Feat: Diplomatic. Dorian can make a Charisma (Persuasion) check contested by the Wisdom (Insight) check of a creature that can understand what he says during 1 minute of talking. On a success, as long as Dorian remains within 60 feet of it (and for 1 minute afterward) the target is charmed by him. Dorian automatically fails on the check if he or his companions are fighting the target.

Feat: Mobility. Dorian can Dash through difficult terrain without requiring additional movement. Whenever he makes an attack against a creature, he doesn’t provoke opportunity attacks from that creature until the end of his turn.

Feat: Soldier Tactics. A creature hit by Dorian’s opportunity attack reduces its speed to 0 until the beginning of the next round and disengaging from Dorian still provokes opportunity attacks. In addition, Dorian can use his reaction to make a melee weapon attack against a creature within 5 feet when it makes an attack against a target other than Dorian.

Master of All. Dorian adds his proficiency bonus (+3) to any ability check he makes that doesn’t already include his proficiency bonus.

Regeneration. Dorian regains 30 hit points at the start of his turn if he has at least 1 hit point.

Rejuvenation. While his treasured portrait remains intact, 1d4 hours after Dorian dies he regains all his hit points and becomes active again. Should the portrait ever be destroyed, Dorian immediately suffers decades of injuries and aging all at once, dying on the spot.

Swordmaster. A sword deals one extra die of its damage when Dorian hits with it (included in the attack).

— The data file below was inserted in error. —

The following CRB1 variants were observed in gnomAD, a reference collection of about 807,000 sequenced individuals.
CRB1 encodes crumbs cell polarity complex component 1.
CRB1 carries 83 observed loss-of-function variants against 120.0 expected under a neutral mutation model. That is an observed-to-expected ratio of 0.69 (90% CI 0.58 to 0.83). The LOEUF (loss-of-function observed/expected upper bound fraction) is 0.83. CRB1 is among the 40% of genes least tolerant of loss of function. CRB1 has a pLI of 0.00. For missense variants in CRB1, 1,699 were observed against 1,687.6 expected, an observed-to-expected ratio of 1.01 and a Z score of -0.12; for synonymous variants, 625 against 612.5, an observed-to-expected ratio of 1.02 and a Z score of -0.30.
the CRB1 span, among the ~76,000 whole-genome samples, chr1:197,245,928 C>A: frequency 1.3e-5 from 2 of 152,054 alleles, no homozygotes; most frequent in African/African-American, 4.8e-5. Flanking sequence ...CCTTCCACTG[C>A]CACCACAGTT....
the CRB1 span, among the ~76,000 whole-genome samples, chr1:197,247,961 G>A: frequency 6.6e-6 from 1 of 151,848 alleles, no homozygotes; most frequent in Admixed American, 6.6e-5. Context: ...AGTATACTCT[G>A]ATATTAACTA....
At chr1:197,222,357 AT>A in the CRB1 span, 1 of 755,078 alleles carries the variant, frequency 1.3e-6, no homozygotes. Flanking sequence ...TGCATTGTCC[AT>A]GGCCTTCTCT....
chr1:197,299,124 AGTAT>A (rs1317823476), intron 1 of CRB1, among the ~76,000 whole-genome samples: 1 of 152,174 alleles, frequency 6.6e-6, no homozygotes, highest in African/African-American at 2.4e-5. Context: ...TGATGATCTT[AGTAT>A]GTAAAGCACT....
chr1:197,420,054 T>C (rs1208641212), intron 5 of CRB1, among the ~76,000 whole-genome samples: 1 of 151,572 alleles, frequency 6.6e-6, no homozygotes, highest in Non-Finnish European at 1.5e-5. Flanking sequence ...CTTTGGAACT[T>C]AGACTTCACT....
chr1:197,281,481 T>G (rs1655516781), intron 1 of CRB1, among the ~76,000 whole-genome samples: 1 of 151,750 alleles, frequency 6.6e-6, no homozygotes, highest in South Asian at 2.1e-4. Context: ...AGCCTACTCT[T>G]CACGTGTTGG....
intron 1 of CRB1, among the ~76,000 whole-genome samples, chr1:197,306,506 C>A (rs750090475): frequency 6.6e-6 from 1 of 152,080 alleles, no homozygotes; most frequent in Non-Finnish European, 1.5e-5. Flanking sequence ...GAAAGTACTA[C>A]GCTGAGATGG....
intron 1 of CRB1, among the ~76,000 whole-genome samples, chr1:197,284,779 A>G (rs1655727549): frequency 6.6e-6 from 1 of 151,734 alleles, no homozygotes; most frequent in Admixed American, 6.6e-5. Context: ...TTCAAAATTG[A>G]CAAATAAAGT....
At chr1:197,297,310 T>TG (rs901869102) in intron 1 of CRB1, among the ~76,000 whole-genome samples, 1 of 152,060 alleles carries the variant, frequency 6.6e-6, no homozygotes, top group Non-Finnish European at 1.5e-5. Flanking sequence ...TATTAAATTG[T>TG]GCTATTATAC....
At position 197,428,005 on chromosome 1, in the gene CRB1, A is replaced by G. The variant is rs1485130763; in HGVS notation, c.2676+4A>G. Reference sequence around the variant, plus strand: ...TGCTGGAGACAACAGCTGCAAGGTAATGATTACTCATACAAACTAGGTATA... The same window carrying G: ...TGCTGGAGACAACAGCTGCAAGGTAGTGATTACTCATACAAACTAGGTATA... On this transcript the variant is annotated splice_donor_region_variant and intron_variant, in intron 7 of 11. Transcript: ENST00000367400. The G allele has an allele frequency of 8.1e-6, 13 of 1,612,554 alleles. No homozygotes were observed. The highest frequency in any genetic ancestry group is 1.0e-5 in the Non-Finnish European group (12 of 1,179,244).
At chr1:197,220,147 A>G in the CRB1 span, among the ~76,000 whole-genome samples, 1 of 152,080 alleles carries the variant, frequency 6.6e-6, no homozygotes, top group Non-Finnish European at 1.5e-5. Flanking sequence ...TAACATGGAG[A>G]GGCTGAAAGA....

ACTIONS
Multiattack. Dorian attacks three times.

Rapier. Melee Weapon Attack: +8 to hit, reach 5 ft., one target. Hit: 13 (2d8+4) piercing damage.

Revolver. Ranged Weapon Attack: +7 to hit, range 40/120 ft., one target. Hit: 13 (2d8+4) piercing damage.


REACTIONS
Feat: Master of the Sword. Dorian can use his reaction when wielding a sword to gain a +1 bonus to his AC until the start of his next turn or until he is disarmed. In addition, Dorian has advantage on opportunity attacks.
 
Last edited:
Mike Myler

Comments

Mike Myler

Adventurer
Don't know if any of my Sunday group reads this column but if so: yes, in the near future you will come across a reeeaaally difficult to kill droid named Gray. :D
 
I dunno about Feat: Master of the Sword - I get you are taking stuff from UA sources, but the "burn a reaction for +1 AC" conflicts with his other reaction abilities in a way that seems pointless.

Can we refactor the stuff to be less of a PC-based build?

Regeneration - it isn't clear if the 30 HP regeneration occurs before/after the 0 HP death check.
 

Mike Myler

Adventurer
I dunno about Feat: Master of the Sword - I get you are taking stuff from UA sources, but the "burn a reaction for +1 AC" conflicts with his other reaction abilities in a way that seems pointless.

Can we refactor the stuff to be less of a PC-based build?

Regeneration - it isn't clear if the 30 HP regeneration occurs before/after the 0 HP death check.
I won't deny that but he's supposed to be a master swordsman and that's the core design element for being a master of swords. You can feel free to remove it--his CR won't change. It is definitely a shitty feat.
Fixed the regeneration though!

No, that is the point of this series. EnWorld has a book coming out that will be more monster / NPC design focused.
This actually isn't a class build-NPC (Mythological Figures is indeed strictly class builds, the Epic Monsters half are not) but I wanted to try and focus it on feats that players can achieve--he is meant to be a very old, very learned fellow so basing most of his traits off of feats seemed like a sound decision for the character's concept. I was going to have to bump out to monster traits anyway for his regeneration/rejuvenation bits so I figured on keeping that element of design (feats) as a bridge back to his mortality.
 

Rafael Martin

Explorer
I've been vaguely familiar with him since the League of Extraordinary Gentlemen years ago (liked the film, loved the comics) but as research for this post I watched the 2009 movie and skimmed the novel. The movie was pretty solid! :)